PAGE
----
When I first tell you that the Rockies Opening Day starter today is Aaron Cook, you might use that as fuel to poke fun at the Colorado franchise. After all, who is Aaron Cook? Moreover, how is a guy who went 9-15 last year good enough to start on Opening Day? Well once you hear about what Cook went through two and a half years ago, you will reserve all jokes and revel in amazement over what he has overcome
On Aug. 7, 2004, Cook was forced to leave a game at Coors Field because of dizziness and shortness of breath. A few hours later, tests revealed pulmonary embolisms - blood clots - in his lungs.
As noted in Player Profiles
(which unfortunately is subscription based), the surgery was gruesome:
Aaron had the top rib on his right side removed to relieve compression on his subclavian vein in an eight-hour procedure performed by Dr. Robert Thompson at Barnes Jewish Hospital in St. Louis.
What is now a surgical souvenir was a lethal piece of bone. The rib was pressing against Cook's collarbone, restricting the flow of blood through a vein in his right shoulder. The blood clots that traveled to Cook's lungs and ended his season during an Aug. 7 start - and very nearly his life - originated in that shoulder.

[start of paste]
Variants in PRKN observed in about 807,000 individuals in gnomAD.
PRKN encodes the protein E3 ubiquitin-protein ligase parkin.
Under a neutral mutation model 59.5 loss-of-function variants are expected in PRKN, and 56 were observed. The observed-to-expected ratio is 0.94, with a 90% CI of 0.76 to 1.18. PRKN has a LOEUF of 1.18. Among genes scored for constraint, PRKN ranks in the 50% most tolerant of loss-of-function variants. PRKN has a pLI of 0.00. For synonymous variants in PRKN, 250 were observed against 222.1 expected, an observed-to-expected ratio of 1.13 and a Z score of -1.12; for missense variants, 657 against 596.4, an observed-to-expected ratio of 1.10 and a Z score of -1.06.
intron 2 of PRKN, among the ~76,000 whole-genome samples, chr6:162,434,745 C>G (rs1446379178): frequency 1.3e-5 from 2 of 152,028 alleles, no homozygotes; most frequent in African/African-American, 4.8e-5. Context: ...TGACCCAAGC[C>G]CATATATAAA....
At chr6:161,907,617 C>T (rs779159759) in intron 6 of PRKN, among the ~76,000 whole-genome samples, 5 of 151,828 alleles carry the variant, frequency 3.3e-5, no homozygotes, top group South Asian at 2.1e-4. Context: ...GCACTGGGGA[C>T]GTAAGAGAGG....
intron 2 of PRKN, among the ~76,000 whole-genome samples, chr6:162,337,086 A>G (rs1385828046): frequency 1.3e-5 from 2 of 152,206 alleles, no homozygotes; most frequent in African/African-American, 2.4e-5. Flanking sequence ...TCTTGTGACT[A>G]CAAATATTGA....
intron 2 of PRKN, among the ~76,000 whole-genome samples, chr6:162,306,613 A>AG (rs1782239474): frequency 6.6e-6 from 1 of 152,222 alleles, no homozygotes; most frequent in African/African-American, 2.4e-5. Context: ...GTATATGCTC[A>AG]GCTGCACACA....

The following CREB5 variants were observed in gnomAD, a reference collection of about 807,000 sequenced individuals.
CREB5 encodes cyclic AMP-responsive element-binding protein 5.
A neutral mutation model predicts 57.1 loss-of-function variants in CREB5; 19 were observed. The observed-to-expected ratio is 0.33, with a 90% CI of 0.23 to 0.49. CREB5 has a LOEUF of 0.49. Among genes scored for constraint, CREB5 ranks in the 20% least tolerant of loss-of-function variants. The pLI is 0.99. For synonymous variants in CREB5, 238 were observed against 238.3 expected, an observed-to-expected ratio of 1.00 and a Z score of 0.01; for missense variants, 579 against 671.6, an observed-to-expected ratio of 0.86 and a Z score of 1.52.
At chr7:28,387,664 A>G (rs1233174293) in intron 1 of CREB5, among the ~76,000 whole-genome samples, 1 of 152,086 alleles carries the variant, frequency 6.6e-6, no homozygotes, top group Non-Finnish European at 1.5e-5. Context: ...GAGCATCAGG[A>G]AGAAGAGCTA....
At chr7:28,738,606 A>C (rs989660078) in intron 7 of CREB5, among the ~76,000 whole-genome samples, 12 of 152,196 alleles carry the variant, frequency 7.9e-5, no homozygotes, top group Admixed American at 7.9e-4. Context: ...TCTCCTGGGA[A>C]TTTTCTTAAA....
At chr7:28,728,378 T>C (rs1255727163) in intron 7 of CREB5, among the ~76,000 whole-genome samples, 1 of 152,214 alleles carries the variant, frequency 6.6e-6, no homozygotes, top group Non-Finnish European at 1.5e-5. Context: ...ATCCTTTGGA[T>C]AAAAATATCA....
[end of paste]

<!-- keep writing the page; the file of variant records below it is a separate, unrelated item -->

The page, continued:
Here's the kicker:
In the first few days after surgery, Cook said, he was "crying in pain." Fluid in his lungs contributed to chest spasms and made breathing difficult. Once he gets back on the field, Cook said, he will realize how much he had to endure in order to return. "I don't think I can wish this surgery on my worst enemy," Cook said. "That's how much pain I was in."
From "crying in pain" to becoming the Opening Day starter in two and a half years? Well done Aaron, I am truly in awe. (And I'll try to remember this story when I'm contemplating bashing you after a bad start)